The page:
Settlement for US Citizen Minor Detained by Customs and Border Protection

July 7, 2015

Cleary Gottlieb secured a $32,500 settlement for the benefit of E.R., the daughter of pro bono client L.R.

E.R., a U.S. citizen, was detained by Customs and Border Protection (CBP) agents in March 2011 as she reentered the country from Guatemala. As alleged in the complaint, after the agents determined that then four year-old E.R.’s traveling companion (her grandfather) was not eligible to enter the United States, they detained her for more than twenty hours, deprived her of any contact with her parents, and ultimately sent her back to Guatemala rather than reuniting her with her parents, because the CBP agents believed her parents to be “illegals.”

During the Federal Tort Claims Act (FTCA) suit brought by L.R. on E.R.’s behalf, the government moved to dismiss the complaint, invoking the discretionary function exception to the FTCA that curtails a court’s subject matter jurisdiction where the government’s actions are the product of discretion grounded in considerations of public policy. The court rejected this argument, finding that, taking the allegations in the complaint as true, there were no “discernible social, economic, or political policy considerations in the regulatory or statutory regime that would explain the CBP Officers’ decisions” regarding E.R.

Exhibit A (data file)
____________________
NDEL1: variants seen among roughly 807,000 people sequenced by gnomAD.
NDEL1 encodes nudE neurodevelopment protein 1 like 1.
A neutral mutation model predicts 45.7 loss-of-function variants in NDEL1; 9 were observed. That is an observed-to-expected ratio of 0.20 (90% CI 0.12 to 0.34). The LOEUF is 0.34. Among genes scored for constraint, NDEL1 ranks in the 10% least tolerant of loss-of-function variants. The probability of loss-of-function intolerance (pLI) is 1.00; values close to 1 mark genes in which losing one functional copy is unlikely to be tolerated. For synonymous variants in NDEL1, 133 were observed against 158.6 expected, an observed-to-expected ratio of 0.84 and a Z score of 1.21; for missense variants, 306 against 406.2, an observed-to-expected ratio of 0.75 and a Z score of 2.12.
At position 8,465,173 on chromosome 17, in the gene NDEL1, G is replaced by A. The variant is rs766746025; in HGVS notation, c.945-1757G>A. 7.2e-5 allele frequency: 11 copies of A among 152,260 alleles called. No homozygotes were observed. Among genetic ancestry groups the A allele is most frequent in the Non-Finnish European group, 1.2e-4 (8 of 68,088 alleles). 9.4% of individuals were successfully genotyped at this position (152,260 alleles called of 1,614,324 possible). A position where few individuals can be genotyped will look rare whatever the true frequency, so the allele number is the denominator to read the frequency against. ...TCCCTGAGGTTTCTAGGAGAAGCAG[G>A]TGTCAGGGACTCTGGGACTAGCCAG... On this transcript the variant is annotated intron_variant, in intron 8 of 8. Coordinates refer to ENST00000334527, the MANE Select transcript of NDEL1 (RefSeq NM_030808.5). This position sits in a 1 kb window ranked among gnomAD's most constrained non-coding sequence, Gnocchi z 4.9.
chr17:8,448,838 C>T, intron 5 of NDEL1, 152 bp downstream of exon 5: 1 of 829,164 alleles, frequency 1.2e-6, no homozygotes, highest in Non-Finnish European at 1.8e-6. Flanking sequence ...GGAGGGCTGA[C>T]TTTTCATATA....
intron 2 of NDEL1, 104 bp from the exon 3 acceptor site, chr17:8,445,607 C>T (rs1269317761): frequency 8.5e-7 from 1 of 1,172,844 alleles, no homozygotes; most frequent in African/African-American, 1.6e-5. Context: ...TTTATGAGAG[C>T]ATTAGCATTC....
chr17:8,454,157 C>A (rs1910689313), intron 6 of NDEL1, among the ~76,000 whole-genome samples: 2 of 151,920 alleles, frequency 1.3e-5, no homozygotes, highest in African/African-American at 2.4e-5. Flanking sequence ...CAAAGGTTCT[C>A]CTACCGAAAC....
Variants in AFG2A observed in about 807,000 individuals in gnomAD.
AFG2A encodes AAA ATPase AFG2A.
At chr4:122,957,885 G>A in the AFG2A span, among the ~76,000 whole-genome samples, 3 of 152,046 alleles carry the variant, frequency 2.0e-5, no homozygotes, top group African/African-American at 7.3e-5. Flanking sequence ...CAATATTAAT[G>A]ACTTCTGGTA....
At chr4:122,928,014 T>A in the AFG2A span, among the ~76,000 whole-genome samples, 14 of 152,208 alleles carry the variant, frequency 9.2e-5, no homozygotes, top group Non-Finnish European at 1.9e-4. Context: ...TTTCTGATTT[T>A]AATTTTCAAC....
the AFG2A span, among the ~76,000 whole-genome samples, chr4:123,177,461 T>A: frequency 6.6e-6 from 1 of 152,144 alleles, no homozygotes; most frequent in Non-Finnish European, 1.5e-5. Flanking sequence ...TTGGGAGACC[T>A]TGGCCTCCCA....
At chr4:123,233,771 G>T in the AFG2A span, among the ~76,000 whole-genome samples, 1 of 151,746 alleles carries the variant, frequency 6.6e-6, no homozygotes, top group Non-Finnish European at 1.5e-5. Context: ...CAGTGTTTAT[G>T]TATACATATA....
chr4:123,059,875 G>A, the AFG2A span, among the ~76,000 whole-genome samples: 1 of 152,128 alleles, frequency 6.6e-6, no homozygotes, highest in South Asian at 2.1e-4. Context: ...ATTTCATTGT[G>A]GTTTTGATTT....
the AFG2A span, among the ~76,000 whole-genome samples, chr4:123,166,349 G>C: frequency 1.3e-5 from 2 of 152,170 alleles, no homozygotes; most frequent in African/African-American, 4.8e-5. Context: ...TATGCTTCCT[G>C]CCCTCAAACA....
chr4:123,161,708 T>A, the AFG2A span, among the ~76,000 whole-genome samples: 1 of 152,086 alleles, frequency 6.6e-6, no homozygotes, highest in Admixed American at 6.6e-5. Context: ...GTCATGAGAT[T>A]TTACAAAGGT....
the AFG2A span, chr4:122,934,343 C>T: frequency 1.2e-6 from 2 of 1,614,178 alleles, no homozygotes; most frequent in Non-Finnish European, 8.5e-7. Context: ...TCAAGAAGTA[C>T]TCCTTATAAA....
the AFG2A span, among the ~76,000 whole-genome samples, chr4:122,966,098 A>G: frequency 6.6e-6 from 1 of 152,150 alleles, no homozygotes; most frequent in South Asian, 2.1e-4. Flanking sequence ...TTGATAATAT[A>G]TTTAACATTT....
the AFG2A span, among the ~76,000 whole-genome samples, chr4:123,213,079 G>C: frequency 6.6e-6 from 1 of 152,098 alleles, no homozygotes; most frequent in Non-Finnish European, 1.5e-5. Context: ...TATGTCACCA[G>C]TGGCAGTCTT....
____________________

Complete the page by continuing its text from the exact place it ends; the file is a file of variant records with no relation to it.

With the benefit of this ruling, and after engaging in discovery, Cleary was able to negotiate a settlement with the government, providing for a payment of $32,500 for E.R.’s benefit. In approving the settlement agreement, the court praised Cleary’s pro bono work on behalf of E.R.